This morning I went to the outdoor book market in Tuindorp 't Lansink in Hengelo. I went there by bike. I returned with two maps and four books. The two maps are about the design of a road between between Enschede and Hengelo that I used to get there. I bought the at 11:08 for € 6.00. At 11:30, I bought the book John Lennon: De mens, de mythe, de muziek (Dutch translation of John Lennon: The Man, the Myth, the Music) by Tim Riley, ISBN:9789026324406, for € 7.50. At 11:46, I bought the book De Ontdekking van de Hemel by Harry Mulisch, ISBN:9023435605 for € 1.00. At 12:09, I bought another two books for € 1.00, namely: Andy Warhol by Victor Bockris, ISBN:9789067661201 and Anaïs Nin: Gemaskerd, ontmaskerd by Élisabeth Barillé, ISBN:9789067661577. At home I discovered, I already owned another edition of the Bockris book.


Thursday, April 30, 2015

Book

At 10:42, I bought the book Hard by Raffaëla Anderson, ISBN:9050004334, from charity shop Het Goed for € 1.50.


Sunday, April 26, 2015

Cursor language construct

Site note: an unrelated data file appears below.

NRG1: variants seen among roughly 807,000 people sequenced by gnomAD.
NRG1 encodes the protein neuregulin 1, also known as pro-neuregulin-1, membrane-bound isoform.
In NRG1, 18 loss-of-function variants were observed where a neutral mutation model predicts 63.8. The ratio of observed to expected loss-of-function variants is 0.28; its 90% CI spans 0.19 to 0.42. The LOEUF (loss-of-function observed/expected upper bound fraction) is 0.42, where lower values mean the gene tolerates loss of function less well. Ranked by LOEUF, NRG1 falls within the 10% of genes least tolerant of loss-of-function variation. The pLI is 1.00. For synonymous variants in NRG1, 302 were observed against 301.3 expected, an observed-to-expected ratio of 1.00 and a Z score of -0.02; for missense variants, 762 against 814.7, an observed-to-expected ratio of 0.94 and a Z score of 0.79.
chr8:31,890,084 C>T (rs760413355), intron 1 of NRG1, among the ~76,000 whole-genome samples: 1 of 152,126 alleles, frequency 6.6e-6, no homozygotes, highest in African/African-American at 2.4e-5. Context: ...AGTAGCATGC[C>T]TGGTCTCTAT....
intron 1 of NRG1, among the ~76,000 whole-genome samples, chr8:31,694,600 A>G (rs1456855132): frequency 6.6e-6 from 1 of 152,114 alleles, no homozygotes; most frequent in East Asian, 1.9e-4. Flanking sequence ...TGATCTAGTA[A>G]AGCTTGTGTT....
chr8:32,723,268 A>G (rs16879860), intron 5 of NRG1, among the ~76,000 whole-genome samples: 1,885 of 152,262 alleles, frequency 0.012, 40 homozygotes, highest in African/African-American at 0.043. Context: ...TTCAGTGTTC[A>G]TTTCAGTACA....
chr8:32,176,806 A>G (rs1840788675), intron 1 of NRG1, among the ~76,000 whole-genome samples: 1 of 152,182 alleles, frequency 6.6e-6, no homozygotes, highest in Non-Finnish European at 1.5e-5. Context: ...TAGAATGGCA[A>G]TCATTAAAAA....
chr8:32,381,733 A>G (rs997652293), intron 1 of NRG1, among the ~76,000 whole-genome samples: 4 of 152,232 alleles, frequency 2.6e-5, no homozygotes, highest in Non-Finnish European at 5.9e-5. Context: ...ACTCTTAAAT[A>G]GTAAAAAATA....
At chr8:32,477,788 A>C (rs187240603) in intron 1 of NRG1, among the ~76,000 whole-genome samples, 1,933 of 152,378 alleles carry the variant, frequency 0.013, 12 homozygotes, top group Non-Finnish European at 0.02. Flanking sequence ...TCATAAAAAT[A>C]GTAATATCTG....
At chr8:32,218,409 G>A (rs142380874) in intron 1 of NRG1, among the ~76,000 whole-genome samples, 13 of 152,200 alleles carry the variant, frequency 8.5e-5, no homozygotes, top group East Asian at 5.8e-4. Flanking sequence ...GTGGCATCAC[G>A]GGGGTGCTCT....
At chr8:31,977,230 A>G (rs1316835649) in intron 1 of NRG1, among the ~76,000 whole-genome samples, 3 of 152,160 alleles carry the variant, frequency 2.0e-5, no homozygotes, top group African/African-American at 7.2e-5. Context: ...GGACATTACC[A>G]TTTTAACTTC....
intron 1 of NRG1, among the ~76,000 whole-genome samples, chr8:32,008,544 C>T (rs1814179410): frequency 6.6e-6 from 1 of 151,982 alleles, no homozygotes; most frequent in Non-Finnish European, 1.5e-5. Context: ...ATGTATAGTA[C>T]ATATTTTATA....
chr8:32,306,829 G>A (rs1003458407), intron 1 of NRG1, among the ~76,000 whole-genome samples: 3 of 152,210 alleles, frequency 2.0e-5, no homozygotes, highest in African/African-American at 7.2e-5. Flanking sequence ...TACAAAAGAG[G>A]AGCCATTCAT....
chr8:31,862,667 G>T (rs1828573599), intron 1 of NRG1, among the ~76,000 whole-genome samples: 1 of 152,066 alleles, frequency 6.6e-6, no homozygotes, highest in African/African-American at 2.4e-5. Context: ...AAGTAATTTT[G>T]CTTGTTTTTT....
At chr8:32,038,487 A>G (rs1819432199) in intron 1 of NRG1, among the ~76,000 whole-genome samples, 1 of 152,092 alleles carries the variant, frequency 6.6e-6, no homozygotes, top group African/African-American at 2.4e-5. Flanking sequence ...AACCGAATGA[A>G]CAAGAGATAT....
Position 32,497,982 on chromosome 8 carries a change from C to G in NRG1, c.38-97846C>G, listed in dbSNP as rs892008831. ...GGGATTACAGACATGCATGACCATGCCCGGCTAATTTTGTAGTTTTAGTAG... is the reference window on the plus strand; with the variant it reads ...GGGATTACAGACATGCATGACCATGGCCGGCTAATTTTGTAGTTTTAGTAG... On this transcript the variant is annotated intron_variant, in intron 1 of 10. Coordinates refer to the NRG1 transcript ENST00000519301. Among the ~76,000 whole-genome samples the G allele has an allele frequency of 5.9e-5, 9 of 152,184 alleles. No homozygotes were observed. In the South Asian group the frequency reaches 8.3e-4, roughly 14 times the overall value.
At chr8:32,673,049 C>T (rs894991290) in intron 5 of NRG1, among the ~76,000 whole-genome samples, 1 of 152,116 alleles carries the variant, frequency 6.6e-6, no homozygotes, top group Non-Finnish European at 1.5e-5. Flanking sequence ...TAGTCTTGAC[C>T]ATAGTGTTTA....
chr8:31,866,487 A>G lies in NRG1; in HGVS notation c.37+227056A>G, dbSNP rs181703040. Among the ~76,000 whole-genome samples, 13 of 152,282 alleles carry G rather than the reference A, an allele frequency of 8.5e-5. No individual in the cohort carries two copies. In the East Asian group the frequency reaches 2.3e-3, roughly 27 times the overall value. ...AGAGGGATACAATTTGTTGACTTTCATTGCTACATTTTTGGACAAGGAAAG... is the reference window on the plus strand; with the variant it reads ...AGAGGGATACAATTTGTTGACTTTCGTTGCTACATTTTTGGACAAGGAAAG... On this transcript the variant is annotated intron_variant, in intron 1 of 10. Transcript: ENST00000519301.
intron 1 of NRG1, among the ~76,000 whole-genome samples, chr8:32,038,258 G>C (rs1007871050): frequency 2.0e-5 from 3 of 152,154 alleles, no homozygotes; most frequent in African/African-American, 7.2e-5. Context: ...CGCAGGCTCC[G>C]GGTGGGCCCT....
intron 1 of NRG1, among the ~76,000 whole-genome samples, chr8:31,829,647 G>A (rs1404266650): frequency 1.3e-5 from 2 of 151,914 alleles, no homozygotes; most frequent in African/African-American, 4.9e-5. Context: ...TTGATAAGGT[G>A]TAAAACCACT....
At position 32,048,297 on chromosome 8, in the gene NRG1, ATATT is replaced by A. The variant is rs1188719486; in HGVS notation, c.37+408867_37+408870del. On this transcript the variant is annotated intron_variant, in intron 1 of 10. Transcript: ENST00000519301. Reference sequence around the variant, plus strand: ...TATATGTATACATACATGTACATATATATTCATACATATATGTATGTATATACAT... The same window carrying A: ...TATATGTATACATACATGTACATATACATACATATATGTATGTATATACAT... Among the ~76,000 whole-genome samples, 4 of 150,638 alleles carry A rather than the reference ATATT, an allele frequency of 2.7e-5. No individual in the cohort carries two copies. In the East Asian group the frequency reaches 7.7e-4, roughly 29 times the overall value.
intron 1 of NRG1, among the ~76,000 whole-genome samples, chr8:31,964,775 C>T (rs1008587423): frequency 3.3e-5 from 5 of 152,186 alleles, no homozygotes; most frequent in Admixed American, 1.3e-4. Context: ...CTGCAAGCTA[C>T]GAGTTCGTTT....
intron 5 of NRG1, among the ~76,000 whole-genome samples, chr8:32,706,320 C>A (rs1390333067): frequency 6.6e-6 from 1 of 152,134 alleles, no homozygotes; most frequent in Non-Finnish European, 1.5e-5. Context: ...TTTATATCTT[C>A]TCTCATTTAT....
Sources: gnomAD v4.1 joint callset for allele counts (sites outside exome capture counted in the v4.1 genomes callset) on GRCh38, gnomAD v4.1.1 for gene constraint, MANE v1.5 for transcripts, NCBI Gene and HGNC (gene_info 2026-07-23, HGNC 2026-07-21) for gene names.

In the past two weeks I have been working on the implementation of cursors for the Abstract Parse Trees as used in IParse. The AbstractParseTree class implements a kind of smart pointer with access to an abstract parse tree, where parts of the trees are shared as much as possible. You only have access to the top of the tree, so in case you want to modify something deep with in the tree you have to basically recreate it from that point. To avoid this, I introduced an AbstractParseTreeCursor class. I borrowed the cursor concept from relation databases where a cursor points to a record in a table. The cursor can be used to walk through a set of records and modify the current record. It is possible that a cursor becomes invalid when the row is removed by another process. Likewise, a AbstractParseTreeCursor can be come detached when the part it is point to has been removed from the value in the AbstractParseTree that it belongs to. It took me longer than expected to implement this. I also spend some time refactoring the code from a C to C++ style. The cursors to a value are forming a tree structure and at first I was using reference counting as well, which resulted in some complex code, until I found a more elegant way to solve the problem. The code still has not been fully tested and maybe some more refactoring is required, but I am quite happy with what I have achieve so far. I am still dreaming about a programming language that has the cursor concept build into it. Modifying parts of deeply nested structures seems rather imperative, but with the cursor concept it is possible to write more functional like programs. Functional language have some nice properties. So far, functional languages have not been used in distributed systems where multiple users can modify the same value, but I think that the cursor concepts extended with a revision concept could be the way to achieve this.